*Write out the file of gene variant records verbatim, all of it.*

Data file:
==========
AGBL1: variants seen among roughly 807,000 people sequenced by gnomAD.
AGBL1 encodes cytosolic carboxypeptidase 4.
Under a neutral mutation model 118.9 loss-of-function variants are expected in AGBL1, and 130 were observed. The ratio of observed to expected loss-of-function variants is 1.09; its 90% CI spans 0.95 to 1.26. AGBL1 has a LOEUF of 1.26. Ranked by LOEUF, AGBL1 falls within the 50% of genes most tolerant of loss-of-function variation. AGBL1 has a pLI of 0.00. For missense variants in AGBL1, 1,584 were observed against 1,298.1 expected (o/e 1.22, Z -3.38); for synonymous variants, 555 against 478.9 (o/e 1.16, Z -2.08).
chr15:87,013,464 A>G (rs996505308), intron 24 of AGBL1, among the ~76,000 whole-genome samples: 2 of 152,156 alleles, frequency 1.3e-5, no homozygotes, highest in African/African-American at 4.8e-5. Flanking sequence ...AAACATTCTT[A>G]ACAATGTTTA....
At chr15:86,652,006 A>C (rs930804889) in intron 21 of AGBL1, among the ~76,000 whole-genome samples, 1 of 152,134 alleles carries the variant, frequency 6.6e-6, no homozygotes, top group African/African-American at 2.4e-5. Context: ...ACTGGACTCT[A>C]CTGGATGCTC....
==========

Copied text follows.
AGBL1: variants seen among roughly 807,000 people sequenced by gnomAD.
AGBL1 encodes cytosolic carboxypeptidase 4.
Under a neutral mutation model 118.9 loss-of-function variants are expected in AGBL1, and 130 were observed. The ratio of observed to expected loss-of-function variants is 1.09; its 90% CI spans 0.95 to 1.26. AGBL1 has a LOEUF of 1.26. Ranked by LOEUF, AGBL1 falls within the 50% of genes most tolerant of loss-of-function variation. AGBL1 has a pLI of 0.00. For missense variants in AGBL1, 1,584 were observed against 1,298.1 expected (o/e 1.22, Z -3.38); for synonymous variants, 555 against 478.9 (o/e 1.16, Z -2.08).
chr15:87,013,464 A>G (rs996505308), intron 24 of AGBL1, among the ~76,000 whole-genome samples: 2 of 152,156 alleles, frequency 1.3e-5, no homozygotes, highest in African/African-American at 4.8e-5. Flanking sequence ...AAACATTCTT[A>G]ACAATGTTTA....
At chr15:86,652,006 A>C (rs930804889) in intron 21 of AGBL1, among the ~76,000 whole-genome samples, 1 of 152,134 alleles carries the variant, frequency 6.6e-6, no homozygotes, top group African/African-American at 2.4e-5. Context: ...ACTGGACTCT[A>C]CTGGATGCTC....